Installing spam assassin

Spam Assassin uses a heuristic to determine whether a message is spam. It adds the word "SPAM" to the subject, which can then be used to process it with procmail.


  1. Build and install the scripts
       cd Mail-SpamAssassin-*
       perl Makefile.PL
       make install  
    [as root]

    If the perl command gives any warnings about missing requirements, don't proceed further until you have installed the needed files from CPAN . If the modules cannot be installed from within perl, download them as tar.gz files and compile and install them manually before proceeding. Then run "make clean" before running "make" in the spamassassin directory again.

  2. Add to /etc/rc.d/local
       /usr/bin/spamd -d -u nobody
    (or "/usr/sbin/spamd -d -u nobody", depending on which spamd you want).
  3. Add to /etc/procmailrc
       * < 256000
       | spamc
  4. Edit /etc/mail/spamassassin/ and change the sensitivity to 10. Set report_safe to 0 to prevent it from trashing the message, in case it turns out to be a legitimate email. Set rewrite_subject to 1 so it puts "****SPAM****" in the subject line.
    required_hits 10.0
    rewrite_subject 1
    report_safe 0

    NOTE: Version 3.x of spamassassin uses different syntax. The new should be:
    required_hits           4.0
    rewrite_header Subject  *****SPAM*****
    report_safe             1
    use_bayes               1
    skip_rbl_checks         1
    use_pyzor               1
    rewrite_subject no longer works.

    See man Mail::SpamAssassin::Conf for the man page that describes configuring spamassassin.

  5. Edit /usr/share/spamassassin/ and /usr/share/spamassassin/ and comment out all lines that refer to,,, and These are known to be corrupt spam databases (see below).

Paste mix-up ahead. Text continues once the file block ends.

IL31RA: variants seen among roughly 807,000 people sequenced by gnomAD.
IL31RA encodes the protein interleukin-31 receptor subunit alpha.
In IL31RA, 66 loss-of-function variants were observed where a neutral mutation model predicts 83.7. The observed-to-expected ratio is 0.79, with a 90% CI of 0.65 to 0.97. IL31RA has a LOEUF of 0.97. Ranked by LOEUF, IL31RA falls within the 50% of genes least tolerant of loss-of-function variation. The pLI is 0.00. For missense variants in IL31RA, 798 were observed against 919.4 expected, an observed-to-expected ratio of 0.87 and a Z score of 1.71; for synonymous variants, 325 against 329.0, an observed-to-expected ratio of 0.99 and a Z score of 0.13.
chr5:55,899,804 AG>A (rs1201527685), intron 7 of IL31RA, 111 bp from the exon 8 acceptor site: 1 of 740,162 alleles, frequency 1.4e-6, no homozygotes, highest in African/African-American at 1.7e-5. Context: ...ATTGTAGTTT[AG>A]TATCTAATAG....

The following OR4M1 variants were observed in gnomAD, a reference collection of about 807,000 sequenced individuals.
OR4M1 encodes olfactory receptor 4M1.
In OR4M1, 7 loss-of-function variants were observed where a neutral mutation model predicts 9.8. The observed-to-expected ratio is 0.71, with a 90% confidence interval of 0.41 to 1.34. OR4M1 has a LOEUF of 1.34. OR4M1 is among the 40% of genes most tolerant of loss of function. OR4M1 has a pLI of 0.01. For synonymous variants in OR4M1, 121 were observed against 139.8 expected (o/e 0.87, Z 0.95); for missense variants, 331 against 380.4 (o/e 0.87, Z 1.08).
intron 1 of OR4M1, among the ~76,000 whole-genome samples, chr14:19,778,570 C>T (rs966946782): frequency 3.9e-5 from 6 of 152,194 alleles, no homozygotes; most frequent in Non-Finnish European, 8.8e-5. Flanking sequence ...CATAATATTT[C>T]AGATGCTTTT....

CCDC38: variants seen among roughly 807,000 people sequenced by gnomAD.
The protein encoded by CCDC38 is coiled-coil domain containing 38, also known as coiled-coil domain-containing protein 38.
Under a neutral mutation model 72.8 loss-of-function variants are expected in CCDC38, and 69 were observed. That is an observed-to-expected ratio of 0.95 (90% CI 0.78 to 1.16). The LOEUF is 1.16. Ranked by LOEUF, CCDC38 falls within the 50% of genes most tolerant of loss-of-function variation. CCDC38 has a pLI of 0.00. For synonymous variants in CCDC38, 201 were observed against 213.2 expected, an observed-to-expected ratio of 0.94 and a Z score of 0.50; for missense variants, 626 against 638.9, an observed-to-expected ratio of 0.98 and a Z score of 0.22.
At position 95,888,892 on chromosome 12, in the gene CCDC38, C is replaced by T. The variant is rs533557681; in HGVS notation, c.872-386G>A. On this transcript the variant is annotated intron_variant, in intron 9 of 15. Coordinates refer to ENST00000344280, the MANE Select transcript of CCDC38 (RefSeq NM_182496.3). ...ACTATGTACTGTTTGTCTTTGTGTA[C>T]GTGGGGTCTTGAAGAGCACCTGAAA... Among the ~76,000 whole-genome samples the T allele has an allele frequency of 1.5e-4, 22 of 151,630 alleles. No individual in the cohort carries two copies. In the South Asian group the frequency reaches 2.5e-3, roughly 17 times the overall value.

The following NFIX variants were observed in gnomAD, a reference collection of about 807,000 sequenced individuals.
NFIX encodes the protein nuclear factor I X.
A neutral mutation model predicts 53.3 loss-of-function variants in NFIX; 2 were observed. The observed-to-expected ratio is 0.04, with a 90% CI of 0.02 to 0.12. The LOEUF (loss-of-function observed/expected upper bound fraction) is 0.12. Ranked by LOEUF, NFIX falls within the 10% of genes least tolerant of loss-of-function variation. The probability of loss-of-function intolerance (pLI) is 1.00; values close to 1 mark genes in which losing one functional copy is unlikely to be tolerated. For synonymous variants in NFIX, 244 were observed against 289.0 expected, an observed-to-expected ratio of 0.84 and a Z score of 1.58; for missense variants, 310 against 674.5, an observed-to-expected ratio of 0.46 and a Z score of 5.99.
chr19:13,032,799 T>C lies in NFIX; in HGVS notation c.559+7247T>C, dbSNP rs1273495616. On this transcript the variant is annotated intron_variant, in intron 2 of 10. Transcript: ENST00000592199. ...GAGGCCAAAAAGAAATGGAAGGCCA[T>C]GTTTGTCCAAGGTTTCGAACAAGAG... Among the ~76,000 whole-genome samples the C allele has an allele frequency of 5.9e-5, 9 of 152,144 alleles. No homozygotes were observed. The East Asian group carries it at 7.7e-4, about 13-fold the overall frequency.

6. (Optional) Edit /usr/share/spamassassin/ and change the weightings for spam features if desired. For example, we increased the weight of SUBJ_FREE_CAP and set all the entries starting with RCVD_IN_OSIRU to 0.
  7. Start the spamd daemon
    /usr/bin/spamd -d -u nobody

    If it says
    Can't locate HTML/ in @INC (@INC contains: ../lib /usr/lib/perl5/site_perl/5.6.0 /usr/local/lib/perl5/5.8.3/i686-linux-64int-ld /usr/local/lib/perl5/5.8.3 /usr/local/lib/perl5/site_perl/5.8.3/i686-linux-64int-ld /usr/local/lib/perl5/site_perl/5.8.3 /usr/local/lib/perl5/site_perl) at /usr/lib/perl5/site_perl/5.6.0/Mail/SpamAssassin/ line 7.
    ... more error messages ...
    it means your version of HTML::Parser is too old. Install HTML::Parser from CPAN , delete the Spamassassin source tree, and re-extract it from the .tar.gz file. (Running "make clean" doesn't work).
  8. Test spamassassin
    spamassassin -t < sample-nonspam.txt > nonspam.out
    spamassassin -t < sample-spam.txt > spam.out
    Check X-Spam-Status: should say "No" for the nonspam and "Yes" for the spam.
  9. Check for errors in the .cf files by typing
    spamassassin -d --lint

If user doesn't want spam checking, they should edit ~/.spamassassin/user_prefs and change
# required_hits 5
required_hits 100
For man page
perldoc Mail::SpamAssassin::Conf
perldoc Mail::SpamAssassin
Leave it like this for a week, so you can tell if it's working. Then add a line to ~/.procmailrc for each user to drop the spam
* ^X-Spam-Status: Yes
Now just sit back and wait for the complaints to roll in. You may have to tweak the sensitivity value in /etc/mail/spamassasin/ The best balance is achieved when 50% of your users complain that too much is being blocked and 50% complain that too little is being blocked.


Sample /etc/mail/ file

We white-listed MCI, our service provider, because they frequently send mail in HTML format starting with "Dear Beloved Customer", which gets marked as spam. Messages from Comcast users were also erroneously being marked as spam.
rewrite_subject 1
required_hits 4.2
report_safe 0 
whitelist_from *
whitelist_from *
Or, for version 3.x, substitute the following:
rewrite_header Subject  *****SPAM*****